If you’re a long time Topaz user then I’m sure you remember Vivacity (no longer offered) and the neat stylized, curly effects that you could create with it. Well, with the right adjustments you can easily recreate these fun effects using Topaz Clean. Now the curly, stylized effect isn’t for every image…as it can be quite over-the-top. However, when used appropriately, you can create extraordinary effects that will add character and pizzazz to your image. You can also target key areas to apply the effect to – hair, eyes, jewelry and foliage are my favorite uses for it.

When creating your curly and stylized effects you can use the VStyle presets as a starting point, and then make some manual tweaks from there. You can click here to download the VStyle Presets.

When making manual adjustments, the key sliders you’ll want to use is the Strength slider (in the Clean tab) and the Accent, Radius and Sharpness sliders (in the Edges tab). The higher you set these sliders the more intense the effect will be.

Tips:
1. You can increase the Texture slider (in the Texture tab) and this will return some of your image’s original texture and simmer down the intensity of the effect – to achieve a more natural appearance.

2. Targeting key features in your image is the best way (IMO) to use the curly and stylized effects. You can apply the effects to enhance features like hair and eyes in portraiture – use a layer mask in Photoshop to blend in/out any unwanted areas.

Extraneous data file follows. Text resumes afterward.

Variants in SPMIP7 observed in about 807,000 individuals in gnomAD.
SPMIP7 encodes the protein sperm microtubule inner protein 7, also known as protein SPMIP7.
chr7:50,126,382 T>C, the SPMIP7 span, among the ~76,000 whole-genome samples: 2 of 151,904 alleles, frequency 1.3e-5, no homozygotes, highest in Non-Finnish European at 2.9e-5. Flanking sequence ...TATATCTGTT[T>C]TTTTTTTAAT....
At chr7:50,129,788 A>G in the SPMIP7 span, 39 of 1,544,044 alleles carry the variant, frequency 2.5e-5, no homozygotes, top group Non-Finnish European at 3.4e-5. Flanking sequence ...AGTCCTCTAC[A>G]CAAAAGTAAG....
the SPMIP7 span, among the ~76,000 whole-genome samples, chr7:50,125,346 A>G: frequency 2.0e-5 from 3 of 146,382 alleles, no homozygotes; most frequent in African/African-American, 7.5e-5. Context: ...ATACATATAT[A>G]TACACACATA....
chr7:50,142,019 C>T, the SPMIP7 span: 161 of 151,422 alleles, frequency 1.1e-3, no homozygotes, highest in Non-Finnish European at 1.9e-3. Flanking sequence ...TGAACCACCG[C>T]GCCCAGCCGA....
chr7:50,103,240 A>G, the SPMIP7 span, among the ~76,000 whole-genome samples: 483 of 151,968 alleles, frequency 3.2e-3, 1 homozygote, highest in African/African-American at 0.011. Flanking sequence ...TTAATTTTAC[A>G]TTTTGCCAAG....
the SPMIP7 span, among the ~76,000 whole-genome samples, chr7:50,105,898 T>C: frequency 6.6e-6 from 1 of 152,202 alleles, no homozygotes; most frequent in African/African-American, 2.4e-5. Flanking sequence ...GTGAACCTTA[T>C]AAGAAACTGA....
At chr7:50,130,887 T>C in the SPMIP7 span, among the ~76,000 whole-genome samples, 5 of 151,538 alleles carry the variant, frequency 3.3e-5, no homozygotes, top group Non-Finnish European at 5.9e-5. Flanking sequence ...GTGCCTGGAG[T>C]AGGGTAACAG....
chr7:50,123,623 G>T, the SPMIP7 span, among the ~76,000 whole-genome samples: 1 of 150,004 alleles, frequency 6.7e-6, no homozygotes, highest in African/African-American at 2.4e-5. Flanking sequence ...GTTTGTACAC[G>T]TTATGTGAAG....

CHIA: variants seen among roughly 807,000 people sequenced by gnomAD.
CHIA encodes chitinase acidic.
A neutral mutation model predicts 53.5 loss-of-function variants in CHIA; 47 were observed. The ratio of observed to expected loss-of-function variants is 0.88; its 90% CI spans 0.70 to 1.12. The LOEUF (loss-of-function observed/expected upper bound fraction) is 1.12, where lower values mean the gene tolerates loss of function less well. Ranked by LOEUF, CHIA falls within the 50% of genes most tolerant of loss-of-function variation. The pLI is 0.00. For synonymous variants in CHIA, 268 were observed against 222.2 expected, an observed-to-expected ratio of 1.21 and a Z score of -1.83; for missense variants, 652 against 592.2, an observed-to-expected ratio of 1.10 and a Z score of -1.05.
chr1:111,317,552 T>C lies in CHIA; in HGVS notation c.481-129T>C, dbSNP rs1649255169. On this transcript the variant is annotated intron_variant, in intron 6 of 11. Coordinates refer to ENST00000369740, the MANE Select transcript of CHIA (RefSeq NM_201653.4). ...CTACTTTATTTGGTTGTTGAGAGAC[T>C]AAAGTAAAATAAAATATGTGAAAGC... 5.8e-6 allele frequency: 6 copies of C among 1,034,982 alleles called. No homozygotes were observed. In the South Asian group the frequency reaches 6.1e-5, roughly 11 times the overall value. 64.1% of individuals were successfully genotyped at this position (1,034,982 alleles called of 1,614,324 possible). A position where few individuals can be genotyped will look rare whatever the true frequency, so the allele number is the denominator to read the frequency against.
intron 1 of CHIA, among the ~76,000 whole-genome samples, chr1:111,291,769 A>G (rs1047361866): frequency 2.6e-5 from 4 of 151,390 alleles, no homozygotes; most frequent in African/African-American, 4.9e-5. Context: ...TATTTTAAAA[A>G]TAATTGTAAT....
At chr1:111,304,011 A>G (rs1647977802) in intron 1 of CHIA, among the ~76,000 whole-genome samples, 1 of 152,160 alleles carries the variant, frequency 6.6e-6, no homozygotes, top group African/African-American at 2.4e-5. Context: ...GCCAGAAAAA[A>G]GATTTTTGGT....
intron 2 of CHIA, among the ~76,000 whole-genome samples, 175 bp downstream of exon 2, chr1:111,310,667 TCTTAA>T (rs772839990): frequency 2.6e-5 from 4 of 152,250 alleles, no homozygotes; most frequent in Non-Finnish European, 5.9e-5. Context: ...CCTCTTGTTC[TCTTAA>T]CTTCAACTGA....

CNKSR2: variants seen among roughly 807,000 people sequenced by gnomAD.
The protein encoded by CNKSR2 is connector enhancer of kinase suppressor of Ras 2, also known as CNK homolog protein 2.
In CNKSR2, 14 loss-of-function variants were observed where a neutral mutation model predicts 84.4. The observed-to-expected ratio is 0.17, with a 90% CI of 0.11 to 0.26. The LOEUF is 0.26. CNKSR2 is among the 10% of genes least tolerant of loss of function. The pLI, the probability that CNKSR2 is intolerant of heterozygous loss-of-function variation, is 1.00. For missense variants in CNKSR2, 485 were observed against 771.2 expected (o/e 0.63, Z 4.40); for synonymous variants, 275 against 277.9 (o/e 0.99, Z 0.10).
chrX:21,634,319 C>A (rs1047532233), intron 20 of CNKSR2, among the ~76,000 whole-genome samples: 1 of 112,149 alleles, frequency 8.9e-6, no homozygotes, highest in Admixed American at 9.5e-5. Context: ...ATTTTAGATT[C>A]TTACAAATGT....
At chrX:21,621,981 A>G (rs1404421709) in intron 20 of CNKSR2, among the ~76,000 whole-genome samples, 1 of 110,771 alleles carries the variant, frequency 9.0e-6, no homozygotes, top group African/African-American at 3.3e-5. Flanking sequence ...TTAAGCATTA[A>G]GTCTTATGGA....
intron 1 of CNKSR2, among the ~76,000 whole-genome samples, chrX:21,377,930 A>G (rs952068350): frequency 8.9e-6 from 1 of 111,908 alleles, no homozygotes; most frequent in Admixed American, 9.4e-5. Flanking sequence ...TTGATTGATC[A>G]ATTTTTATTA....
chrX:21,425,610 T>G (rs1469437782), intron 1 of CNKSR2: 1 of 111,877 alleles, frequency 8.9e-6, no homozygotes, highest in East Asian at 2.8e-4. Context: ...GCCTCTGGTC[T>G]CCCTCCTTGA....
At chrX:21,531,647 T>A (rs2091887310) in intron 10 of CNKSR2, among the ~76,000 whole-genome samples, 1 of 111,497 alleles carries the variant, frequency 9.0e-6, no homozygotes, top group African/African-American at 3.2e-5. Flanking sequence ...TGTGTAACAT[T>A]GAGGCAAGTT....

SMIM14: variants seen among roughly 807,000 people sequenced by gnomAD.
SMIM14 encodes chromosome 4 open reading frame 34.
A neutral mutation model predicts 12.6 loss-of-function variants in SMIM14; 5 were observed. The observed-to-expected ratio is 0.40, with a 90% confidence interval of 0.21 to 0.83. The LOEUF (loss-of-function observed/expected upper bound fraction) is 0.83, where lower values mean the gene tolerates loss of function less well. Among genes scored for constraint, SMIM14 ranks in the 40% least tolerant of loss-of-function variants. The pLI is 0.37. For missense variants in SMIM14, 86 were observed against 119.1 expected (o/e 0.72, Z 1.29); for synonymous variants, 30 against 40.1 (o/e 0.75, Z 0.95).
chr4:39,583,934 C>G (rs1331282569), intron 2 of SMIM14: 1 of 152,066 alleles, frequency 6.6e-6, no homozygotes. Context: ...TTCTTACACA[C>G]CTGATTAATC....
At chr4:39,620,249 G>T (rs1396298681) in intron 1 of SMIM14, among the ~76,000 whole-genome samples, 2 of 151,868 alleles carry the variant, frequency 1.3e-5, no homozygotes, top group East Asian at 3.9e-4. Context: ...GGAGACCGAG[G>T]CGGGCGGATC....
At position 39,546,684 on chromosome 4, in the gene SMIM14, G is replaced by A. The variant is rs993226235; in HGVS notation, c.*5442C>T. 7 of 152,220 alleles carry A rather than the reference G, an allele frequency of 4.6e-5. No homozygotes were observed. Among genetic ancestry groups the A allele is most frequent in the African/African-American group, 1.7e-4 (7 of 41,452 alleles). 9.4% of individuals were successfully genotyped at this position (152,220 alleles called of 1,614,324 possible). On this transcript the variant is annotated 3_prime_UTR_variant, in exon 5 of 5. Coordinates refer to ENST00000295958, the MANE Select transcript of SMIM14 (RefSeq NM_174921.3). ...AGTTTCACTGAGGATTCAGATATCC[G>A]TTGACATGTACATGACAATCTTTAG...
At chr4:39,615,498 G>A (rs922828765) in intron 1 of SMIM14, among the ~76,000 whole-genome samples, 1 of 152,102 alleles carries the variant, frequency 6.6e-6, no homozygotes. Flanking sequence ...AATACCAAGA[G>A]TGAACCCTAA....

3. For thinner curls and swirls, lower the radius slider (in the Edges tab)

4. Adding a curly, stylized effect is also a great way to make use of a previously unusable image!

I would like to tell you more about feature within the DeNoise program that has caused some confusion for some – while going unnoticed for others. When you create a preset there is an option to set the preset type. Some have noticed that often when selecting a saved preset, the preset values that are loaded were not the same numbers as when the preset was saved. Here’s why…

When saving a preset in Topaz DeNoise, there is an option to select Relative to Noise Estimate or Absolute. The Absolute and Relative parameter settings determine how the parameter settings from your previous DeNoise session are viewed.

Under the Absolute setting, when you open DeNoise the slider values and noise removal will be set at the same exact values that were applied to the last image you processed with DeNoise. This is ideal if you plan to do batch processing and you have multiple images with the same ISO and characteristics.